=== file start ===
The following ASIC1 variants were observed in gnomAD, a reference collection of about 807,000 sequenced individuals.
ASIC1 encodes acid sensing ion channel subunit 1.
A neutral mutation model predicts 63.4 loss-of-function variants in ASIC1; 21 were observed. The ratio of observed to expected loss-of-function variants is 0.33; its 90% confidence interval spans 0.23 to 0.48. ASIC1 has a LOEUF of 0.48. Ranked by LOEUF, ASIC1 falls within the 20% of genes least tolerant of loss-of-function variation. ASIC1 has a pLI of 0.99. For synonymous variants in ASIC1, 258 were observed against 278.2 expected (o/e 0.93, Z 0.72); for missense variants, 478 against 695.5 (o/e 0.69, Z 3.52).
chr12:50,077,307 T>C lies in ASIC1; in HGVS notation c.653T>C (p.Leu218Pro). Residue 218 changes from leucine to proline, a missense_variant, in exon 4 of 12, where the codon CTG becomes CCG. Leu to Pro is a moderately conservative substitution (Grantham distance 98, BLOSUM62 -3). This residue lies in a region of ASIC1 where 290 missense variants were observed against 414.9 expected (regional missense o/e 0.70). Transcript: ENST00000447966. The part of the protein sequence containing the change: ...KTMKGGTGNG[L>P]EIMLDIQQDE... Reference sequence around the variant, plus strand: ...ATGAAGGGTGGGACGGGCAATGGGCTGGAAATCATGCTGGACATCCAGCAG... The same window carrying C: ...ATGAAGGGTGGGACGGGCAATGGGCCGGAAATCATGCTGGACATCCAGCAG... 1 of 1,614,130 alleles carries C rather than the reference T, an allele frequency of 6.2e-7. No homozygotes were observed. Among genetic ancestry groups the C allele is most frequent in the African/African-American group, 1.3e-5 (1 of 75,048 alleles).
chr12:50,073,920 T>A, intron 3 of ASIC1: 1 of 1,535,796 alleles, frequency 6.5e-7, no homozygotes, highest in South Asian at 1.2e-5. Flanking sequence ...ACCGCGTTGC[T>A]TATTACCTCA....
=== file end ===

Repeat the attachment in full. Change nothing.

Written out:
The following ASIC1 variants were observed in gnomAD, a reference collection of about 807,000 sequenced individuals.
ASIC1 encodes acid sensing ion channel subunit 1.
A neutral mutation model predicts 63.4 loss-of-function variants in ASIC1; 21 were observed. The ratio of observed to expected loss-of-function variants is 0.33; its 90% confidence interval spans 0.23 to 0.48. ASIC1 has a LOEUF of 0.48. Ranked by LOEUF, ASIC1 falls within the 20% of genes least tolerant of loss-of-function variation. ASIC1 has a pLI of 0.99. For synonymous variants in ASIC1, 258 were observed against 278.2 expected (o/e 0.93, Z 0.72); for missense variants, 478 against 695.5 (o/e 0.69, Z 3.52).
chr12:50,077,307 T>C lies in ASIC1; in HGVS notation c.653T>C (p.Leu218Pro). Residue 218 changes from leucine to proline, a missense_variant, in exon 4 of 12, where the codon CTG becomes CCG. Leu to Pro is a moderately conservative substitution (Grantham distance 98, BLOSUM62 -3). This residue lies in a region of ASIC1 where 290 missense variants were observed against 414.9 expected (regional missense o/e 0.70). Transcript: ENST00000447966. The part of the protein sequence containing the change: ...KTMKGGTGNG[L>P]EIMLDIQQDE... Reference sequence around the variant, plus strand: ...ATGAAGGGTGGGACGGGCAATGGGCTGGAAATCATGCTGGACATCCAGCAG... The same window carrying C: ...ATGAAGGGTGGGACGGGCAATGGGCCGGAAATCATGCTGGACATCCAGCAG... 1 of 1,614,130 alleles carries C rather than the reference T, an allele frequency of 6.2e-7. No homozygotes were observed. Among genetic ancestry groups the C allele is most frequent in the African/African-American group, 1.3e-5 (1 of 75,048 alleles).
chr12:50,073,920 T>A, intron 3 of ASIC1: 1 of 1,535,796 alleles, frequency 6.5e-7, no homozygotes, highest in South Asian at 1.2e-5. Flanking sequence ...ACCGCGTTGC[T>A]TATTACCTCA....